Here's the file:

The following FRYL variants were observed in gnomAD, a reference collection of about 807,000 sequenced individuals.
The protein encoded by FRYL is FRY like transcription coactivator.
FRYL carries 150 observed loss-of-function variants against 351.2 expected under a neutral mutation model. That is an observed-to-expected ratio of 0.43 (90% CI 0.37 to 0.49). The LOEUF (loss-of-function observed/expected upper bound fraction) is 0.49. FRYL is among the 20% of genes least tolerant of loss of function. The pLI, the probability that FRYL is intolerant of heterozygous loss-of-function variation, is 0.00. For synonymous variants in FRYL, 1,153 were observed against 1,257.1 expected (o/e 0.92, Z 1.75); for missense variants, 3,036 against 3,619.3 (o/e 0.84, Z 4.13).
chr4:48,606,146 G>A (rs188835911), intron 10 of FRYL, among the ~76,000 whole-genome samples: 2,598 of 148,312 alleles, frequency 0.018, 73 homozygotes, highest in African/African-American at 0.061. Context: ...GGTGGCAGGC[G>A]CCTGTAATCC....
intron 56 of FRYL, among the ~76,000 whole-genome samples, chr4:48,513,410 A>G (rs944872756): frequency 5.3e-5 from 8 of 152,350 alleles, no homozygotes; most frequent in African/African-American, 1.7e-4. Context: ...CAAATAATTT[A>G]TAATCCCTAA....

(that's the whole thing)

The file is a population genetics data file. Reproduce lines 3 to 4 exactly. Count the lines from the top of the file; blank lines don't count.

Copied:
FRYL carries 150 observed loss-of-function variants against 351.2 expected under a neutral mutation model. That is an observed-to-expected ratio of 0.43 (90% CI 0.37 to 0.49). The LOEUF (loss-of-function observed/expected upper bound fraction) is 0.49. FRYL is among the 20% of genes least tolerant of loss of function. The pLI, the probability that FRYL is intolerant of heterozygous loss-of-function variation, is 0.00. For synonymous variants in FRYL, 1,153 were observed against 1,257.1 expected (o/e 0.92, Z 1.75); for missense variants, 3,036 against 3,619.3 (o/e 0.84, Z 4.13).
chr4:48,606,146 G>A (rs188835911), intron 10 of FRYL, among the ~76,000 whole-genome samples: 2,598 of 148,312 alleles, frequency 0.018, 73 homozygotes, highest in African/African-American at 0.061. Context: ...GGTGGCAGGC[G>A]CCTGTAATCC....